The government has unveiled a multi-pronged approach in an effort to eradicate the production, distribution, and consumption of illicit alcohol and drugs.

The announcement, made by Interior Cabinet Secretary Kithure Kindiki at Deputy President Rigathi Gachagua's residence, marks a significant escalation in the fight against these harmful substances.

Recognizing the critical role played by official channels in the potential for contamination, all existing licenses and certifications for alcohol distillers and manufacturers have been suspended.

These licenses will undergo a rigorous vetting process within 21 days. Only facilities with approved Quality Control laboratories, equipped with specific equipment and staffed by qualified personnel, will be allowed to resume operations. These labs will be subject to monthly monitoring and reporting to ensure the quality and safety of produced alcohol.

"All licenses and certification permits for second-generation alcohol and alcoholic beverage distillers and manufacturers, issued by the Kenya Revenue Authority (KRA) and Kenya Bureau of Standards (KEBS) stand suspended with immediate effect," Kindiki stated.

"All existing valid licenses will be vetted afresh within twenty-one (21) days of this directive, with premises approved to resume operations only upon receipt of fresh approval."

To combat the infiltration of illicit products, alcohol manufacturers will be required to establish a documented and traceable distribution chain.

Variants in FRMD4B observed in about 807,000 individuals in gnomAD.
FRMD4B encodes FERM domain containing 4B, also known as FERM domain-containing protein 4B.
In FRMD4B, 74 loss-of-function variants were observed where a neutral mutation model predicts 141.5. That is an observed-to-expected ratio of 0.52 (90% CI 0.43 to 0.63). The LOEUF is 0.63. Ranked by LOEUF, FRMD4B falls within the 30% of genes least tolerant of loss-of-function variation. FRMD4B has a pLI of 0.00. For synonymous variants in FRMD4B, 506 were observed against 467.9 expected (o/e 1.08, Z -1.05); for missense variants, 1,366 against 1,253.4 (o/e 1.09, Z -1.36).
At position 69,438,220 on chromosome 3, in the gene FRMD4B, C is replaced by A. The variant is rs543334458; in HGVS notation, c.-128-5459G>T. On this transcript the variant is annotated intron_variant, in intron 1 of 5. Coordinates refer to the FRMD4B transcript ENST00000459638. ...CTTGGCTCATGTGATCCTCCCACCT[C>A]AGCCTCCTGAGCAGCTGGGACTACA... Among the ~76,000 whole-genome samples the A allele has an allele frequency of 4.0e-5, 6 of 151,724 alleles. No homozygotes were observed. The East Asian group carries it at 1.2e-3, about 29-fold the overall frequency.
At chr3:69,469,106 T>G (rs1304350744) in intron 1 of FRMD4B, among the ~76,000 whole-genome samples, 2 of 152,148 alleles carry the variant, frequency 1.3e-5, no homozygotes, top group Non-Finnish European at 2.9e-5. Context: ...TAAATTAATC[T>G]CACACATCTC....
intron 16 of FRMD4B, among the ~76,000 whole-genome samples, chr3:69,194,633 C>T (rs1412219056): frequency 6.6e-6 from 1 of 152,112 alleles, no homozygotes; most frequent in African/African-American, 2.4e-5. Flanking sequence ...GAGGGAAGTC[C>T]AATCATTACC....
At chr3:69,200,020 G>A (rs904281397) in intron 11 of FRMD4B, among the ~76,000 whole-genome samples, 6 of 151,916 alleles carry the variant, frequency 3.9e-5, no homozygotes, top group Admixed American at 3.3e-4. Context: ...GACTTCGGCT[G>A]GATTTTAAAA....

This will allow authorities to track the movement of alcohol from production facilities to consumers, effectively plugging potential leakages into the black market.

Within 45 days, the Kenya Bureau of Standards (KEBS) will ensure the denaturing of all industrial ethanol.

This process disrupts its suitability for human consumption and drastically reduces the risk of its diversion into the illicit alcohol trade.

County Authorities Empowered, Unlicensed Premises Shut Down:

The government has directed County Security Teams to immediately shut down bars and outlets operating in violation of the Alcoholic Drinks Control Act.

Particular emphasis is placed on establishments located within residential areas and near educational institutions.

Additionally, any outlets exceeding the stipulated operating hours will face similar consequences.

Public Officials and Landlords Held Accountable:

In a bid to dismantle the network facilitating illicit activities, the Public Ethics Act is being invoked.

Public officials involved in the enforcement process are now prohibited from owning or operating bars, either directly or through proxies.

Furthermore, landlords renting space in prohibited areas for bars and liquor stores will be considered accomplices and face legal ramifications.

"In line with the Public Ethics Act, all public officers in the enforcement and compliance chain shall not own or operate bars directly or through proxies," Kindiki emphasised.

"Landlords and owners of premises renting out space for establishment of bars and wines and spirits outlets in prohibited areas pursuant to Section 20(c) of the Penal Code shall be deemed aiders and abetters of crime."

The government takes a zero-tolerance approach by declaring all vehicles and buildings used in the storage, manufacture, or trafficking of illicit substances subject to seizure.

These assets will be considered government property, further disrupting criminal operations.

This comprehensive strategy underlines the Kenyan government's unwavering commitment to safeguarding its citizens from the devastating effects of illicit alcohol and drugs.

The measures implemented aim to dismantle the infrastructure supporting these activities, promote public safety, and protect the nation's future generations.